Stress Myth #1: Stress Is Something That Actually Exists!

Copyright (c) 2011 M.C.Orman, M.D., FLP

(NOTE: This is the first in a series of eight articles on common myths about stress.)

Most stress relief experts take two things for granted: 1) that stress is something that actually exists, and 2) that stress is something human beings commonly suffer from.

I used to believe in both of these common sense notions about stress. However, I eventually discovered there are better ways to think about stress and how to cope with it, including better ways to think about what it actually is, in the first place.

What Is Stress Really?

If you ask people to tell you what stress is, they will usually give you answers like this:

• Some believe stress is being mentally or physically overwhelmed by too many external pressures or demands;

• Some believe stress is not being able to sleep well or concentrate during the day;

• Others will say stress is feeling anxious, angry, frustrated or depressed;

• Still others will point to physical symptoms in their bodies, such as muscle aches, headaches, indigestion, excessive perspiration, or rapid heart beats;

• And some will say stress is the inappropriate activation of the body’s “flight or fight response,” which results in excessive stress hormones being released into the bloodstream.

You probably have your own personal definition for stress, which may or may not be similar to those above. Thus, there are many popular definitions of stress around, all of which do have some merit.

However, none of these definitions gets to the heart of what stress really is. None of them adequately captures its true essence.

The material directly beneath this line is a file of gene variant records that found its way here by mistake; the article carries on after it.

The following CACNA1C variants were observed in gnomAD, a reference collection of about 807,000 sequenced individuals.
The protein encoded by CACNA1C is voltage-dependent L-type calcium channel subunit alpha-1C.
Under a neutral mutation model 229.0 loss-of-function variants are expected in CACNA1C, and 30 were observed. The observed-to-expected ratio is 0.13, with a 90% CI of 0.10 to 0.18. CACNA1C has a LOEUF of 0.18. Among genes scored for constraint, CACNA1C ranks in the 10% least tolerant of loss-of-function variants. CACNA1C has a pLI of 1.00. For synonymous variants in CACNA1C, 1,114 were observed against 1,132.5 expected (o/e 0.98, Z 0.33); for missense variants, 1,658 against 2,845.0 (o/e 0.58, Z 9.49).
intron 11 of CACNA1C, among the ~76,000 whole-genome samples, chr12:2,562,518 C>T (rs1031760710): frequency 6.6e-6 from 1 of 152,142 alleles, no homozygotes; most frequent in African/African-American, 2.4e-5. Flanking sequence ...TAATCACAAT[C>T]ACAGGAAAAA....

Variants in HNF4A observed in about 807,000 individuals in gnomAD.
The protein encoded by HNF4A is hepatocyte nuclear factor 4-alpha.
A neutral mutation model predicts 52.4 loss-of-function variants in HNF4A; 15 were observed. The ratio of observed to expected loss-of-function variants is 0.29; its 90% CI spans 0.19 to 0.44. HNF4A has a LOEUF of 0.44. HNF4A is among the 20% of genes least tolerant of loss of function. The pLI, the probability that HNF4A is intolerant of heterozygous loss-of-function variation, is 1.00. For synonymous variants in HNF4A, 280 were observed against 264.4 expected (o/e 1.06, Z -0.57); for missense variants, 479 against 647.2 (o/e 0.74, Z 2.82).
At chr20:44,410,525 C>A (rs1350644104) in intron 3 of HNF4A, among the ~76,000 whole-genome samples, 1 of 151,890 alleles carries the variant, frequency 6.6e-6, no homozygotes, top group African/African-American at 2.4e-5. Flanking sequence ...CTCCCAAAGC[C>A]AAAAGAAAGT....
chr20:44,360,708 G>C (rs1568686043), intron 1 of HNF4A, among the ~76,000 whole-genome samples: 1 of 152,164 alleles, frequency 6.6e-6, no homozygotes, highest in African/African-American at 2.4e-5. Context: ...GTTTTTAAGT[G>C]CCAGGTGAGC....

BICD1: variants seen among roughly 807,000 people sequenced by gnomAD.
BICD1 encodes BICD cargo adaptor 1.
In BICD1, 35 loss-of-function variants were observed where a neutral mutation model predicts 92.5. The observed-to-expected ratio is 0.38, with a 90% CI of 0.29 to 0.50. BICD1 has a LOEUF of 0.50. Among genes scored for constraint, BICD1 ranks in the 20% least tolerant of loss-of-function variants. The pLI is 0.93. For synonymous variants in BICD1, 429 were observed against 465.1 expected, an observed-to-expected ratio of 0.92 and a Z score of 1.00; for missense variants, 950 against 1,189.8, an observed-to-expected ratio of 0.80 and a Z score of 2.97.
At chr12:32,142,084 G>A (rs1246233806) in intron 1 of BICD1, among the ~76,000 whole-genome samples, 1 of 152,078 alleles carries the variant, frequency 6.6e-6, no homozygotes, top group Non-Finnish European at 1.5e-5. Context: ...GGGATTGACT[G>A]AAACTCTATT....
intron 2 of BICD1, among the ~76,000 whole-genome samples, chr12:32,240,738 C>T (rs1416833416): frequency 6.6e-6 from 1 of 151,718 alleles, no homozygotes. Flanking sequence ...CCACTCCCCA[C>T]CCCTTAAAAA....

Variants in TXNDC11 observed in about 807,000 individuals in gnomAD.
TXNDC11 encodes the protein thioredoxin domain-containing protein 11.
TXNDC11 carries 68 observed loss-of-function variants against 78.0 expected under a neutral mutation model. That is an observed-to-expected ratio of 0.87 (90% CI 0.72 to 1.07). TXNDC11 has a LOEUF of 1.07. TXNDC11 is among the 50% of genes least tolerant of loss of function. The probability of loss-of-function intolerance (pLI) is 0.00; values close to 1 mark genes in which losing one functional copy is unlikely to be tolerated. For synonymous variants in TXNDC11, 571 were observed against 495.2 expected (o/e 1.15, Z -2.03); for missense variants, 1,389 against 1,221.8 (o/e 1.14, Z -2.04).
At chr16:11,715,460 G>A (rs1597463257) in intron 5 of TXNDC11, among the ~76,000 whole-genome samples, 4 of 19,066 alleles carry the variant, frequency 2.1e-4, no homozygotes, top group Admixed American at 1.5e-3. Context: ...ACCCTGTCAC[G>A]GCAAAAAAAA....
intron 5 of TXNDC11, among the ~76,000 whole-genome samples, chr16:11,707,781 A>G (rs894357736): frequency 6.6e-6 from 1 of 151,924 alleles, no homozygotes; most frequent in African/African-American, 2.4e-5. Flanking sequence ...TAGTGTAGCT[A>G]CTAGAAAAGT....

As you’ll soon see, this truth is very different from what you’ve been taught to believe.

The Truth About Stress

The real truth about stress is that it is just a word.

That’s right. Stress is not some “thing” or “condition” that actually exists in the real world. The only place stress exists is in human language. It’s just a word—an abstract concept—that someone invented years ago to stand for many other things in life that really do exist and that really do bother us from time to time.

While this basic truth about stress may seem silly or insensitive, I assure you it has profound implications. I will explore some of these implications in later articles in this series.

However, if you doubt that “stress” is just a word, all you have to do check what the originator of the term said about it.

Origin Of The Term “Stress”

The term “stress” was first introduced in its modern context by Hans Selye, an Austrian-born physician who did much of his pioneering research on stress in Montreal, Canada during the 1930s and 1940s.

In his 1956 book The Stress of Life, Selye very clearly states:

“If we are to use this concept (stress) in a strictly scientific manner, it is important to keep in mind that stress is an abstraction; it has no independent existence.” (p.43)

As time went on, however, we forgot Selye’s important warning. As a result, we continue to think of stress as a “thing” or a “condition” that actually does exist, and that we actually do suffer from.

In order to become a master at stress relief—or anything else in life—you first must understand the fundamental nature of what you’re trying to conquer—i.e., what it is, and what it is not. That’s why understanding “stress” is just a word is the first important step you must take if you want to develop true stress mastery.

Mort (Doc) Orman, M.D. is a physician, author, and stress coach who has been helping people eliminate stress, without managing it, for more than 30 years. Follow his innovative stress relief blog You can also download his free, 30-page, PDF stress mastery training “Common Myths About Stress” (no email or registration is required).

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